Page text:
Termination of parental rights effectively ends the legal rights of one parent over a child.
If a parent or social services agency petitions a court, the court may terminate all rights of a parent to the child. However, termination of parental rights can be difficult.
If a parent does not properly pay child support is not a valid legal reason to terminate parental rights.
In an adoption, a judge must make sure that it has the written consent of a parent who, for good cause, desires to terminate his or her parental rights.
Otherwise, the judge must find that one or more of the following conditions exists:
- That the parent has abandoned the child;
- That the parent has substantially and repeatedly refused or neglected to meet his or her duties as a parent – including failing to provide necessary food, clothing, shelter, education, and other care which is necessary for the child’s physical, mental, and/or emotional wellbeing.
- That the parent has been ordered to pay support for a child and the parent has continuously failed to do so without good cause.
- That the parent is palpably unfit because of a consistent pattern of conduct towards the child which shows to the court that the parent is unable or unfit to care for the physical, mental, or emotional needs of the child.
If you believe that you may be able to prove some of the above-listed factors to a judge, you may be able to terminate the parental rights of one parent.
The best interest of the child standard is always used be a Minnesota judge. The judge will want to make sure that the termination of parental rights is what is best for the child. If the judge finds that the termination is not in the child’s best interest, the judge likely will not terminate parental rights.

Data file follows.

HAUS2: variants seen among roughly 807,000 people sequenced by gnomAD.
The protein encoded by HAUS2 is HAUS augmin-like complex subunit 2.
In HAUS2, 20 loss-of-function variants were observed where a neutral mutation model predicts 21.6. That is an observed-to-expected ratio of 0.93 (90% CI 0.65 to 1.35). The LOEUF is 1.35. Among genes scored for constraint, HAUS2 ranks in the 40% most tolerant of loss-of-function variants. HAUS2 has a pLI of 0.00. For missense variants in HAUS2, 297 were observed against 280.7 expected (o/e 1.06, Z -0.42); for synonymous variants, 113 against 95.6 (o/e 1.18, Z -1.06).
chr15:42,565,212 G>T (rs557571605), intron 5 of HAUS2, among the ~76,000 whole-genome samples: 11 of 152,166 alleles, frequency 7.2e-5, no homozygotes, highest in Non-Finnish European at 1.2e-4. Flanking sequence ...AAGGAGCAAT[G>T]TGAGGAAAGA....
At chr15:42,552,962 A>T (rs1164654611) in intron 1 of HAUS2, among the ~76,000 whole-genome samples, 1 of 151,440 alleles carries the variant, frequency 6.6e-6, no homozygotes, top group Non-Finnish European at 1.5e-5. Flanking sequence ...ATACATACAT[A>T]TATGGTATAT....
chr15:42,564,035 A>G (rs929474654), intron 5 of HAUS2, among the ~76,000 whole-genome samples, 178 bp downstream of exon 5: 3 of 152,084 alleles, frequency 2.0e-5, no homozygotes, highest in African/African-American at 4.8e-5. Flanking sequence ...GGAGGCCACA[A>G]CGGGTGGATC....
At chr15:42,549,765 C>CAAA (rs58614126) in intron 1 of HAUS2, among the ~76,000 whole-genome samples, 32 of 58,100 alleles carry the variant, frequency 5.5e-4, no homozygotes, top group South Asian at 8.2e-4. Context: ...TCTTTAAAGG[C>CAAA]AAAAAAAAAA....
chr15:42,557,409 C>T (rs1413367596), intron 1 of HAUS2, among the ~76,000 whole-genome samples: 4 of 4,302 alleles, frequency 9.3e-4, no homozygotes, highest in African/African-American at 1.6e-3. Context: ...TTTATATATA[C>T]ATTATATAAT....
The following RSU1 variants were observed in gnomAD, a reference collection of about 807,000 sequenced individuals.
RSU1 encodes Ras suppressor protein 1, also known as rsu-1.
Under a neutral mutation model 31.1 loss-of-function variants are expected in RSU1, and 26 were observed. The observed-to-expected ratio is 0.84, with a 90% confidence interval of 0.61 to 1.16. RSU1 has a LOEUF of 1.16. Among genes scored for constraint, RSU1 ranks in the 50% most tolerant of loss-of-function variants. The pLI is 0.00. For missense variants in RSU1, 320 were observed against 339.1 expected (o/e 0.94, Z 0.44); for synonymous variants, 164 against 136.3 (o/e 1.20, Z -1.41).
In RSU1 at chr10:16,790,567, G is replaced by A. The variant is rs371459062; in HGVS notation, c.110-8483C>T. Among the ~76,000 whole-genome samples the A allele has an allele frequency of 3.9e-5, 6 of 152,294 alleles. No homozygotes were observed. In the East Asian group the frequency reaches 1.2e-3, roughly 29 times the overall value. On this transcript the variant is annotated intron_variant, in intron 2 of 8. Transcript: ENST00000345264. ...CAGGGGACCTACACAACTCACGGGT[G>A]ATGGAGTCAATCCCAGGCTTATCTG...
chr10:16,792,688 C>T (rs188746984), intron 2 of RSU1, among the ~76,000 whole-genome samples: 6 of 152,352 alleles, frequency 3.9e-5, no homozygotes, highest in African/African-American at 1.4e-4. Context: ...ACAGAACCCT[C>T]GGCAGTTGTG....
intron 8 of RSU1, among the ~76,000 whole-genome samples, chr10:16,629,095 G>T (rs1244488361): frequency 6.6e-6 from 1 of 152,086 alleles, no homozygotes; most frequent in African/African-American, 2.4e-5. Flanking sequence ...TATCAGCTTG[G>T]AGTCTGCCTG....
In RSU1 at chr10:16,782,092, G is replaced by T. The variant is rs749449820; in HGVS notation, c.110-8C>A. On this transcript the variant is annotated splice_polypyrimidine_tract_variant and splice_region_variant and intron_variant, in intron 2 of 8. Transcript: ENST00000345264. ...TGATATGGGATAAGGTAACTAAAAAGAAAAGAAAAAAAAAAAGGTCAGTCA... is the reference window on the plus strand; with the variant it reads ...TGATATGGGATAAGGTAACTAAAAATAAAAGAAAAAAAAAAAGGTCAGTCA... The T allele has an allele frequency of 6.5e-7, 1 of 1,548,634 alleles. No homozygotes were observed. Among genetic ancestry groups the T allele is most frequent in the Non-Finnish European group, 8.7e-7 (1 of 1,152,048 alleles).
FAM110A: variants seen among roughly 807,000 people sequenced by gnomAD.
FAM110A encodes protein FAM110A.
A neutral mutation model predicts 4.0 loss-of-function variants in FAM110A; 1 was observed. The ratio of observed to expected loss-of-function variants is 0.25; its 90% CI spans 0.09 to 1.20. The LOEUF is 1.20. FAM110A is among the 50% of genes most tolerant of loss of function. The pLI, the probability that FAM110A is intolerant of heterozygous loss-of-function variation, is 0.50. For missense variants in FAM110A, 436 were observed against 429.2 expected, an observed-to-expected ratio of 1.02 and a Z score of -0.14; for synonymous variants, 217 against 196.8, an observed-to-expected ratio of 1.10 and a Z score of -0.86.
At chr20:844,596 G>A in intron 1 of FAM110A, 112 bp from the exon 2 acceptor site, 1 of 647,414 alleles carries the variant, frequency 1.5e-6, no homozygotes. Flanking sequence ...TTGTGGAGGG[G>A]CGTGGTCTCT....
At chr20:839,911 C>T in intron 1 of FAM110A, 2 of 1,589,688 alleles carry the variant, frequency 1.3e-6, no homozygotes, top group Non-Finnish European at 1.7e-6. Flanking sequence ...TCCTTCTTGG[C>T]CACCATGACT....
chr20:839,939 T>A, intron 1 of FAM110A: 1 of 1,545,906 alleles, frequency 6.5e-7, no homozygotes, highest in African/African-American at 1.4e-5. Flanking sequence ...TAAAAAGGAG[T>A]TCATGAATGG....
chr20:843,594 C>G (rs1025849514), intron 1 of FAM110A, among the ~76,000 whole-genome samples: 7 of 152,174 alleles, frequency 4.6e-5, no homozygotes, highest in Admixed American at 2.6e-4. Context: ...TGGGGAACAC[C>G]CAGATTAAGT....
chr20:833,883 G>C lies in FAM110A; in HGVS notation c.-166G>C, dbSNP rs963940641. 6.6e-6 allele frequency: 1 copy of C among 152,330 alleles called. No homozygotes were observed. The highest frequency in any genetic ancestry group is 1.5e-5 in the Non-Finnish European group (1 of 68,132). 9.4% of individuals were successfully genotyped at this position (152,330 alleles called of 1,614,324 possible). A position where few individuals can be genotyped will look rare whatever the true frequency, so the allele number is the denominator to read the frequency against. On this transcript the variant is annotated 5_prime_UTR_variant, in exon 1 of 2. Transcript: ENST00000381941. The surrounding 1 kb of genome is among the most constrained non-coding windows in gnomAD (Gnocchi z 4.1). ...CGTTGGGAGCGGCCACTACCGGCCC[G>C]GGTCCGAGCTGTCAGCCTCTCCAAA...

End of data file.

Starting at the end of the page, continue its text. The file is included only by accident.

Often, it is much easier to terminate parental rights if a parent and/or step-parent petition for adoption of a child. The court is much more likely to agree to termination of parental rights if a judge is convinced that the child will be care for by the adoptive parent(s). However, this does not mean that the biological parent does not have rights and is not entitled to notice of what is going on.
Speaking with a qualified Minnesota adoption lawyer is a great place to start. Termination of parental rights is often viewed as an extreme remedy and you need to make sure that you have solid evidence as to why a parent’s rights should be terminated, or, have an adoptive parent ready to file a petition for adoption.
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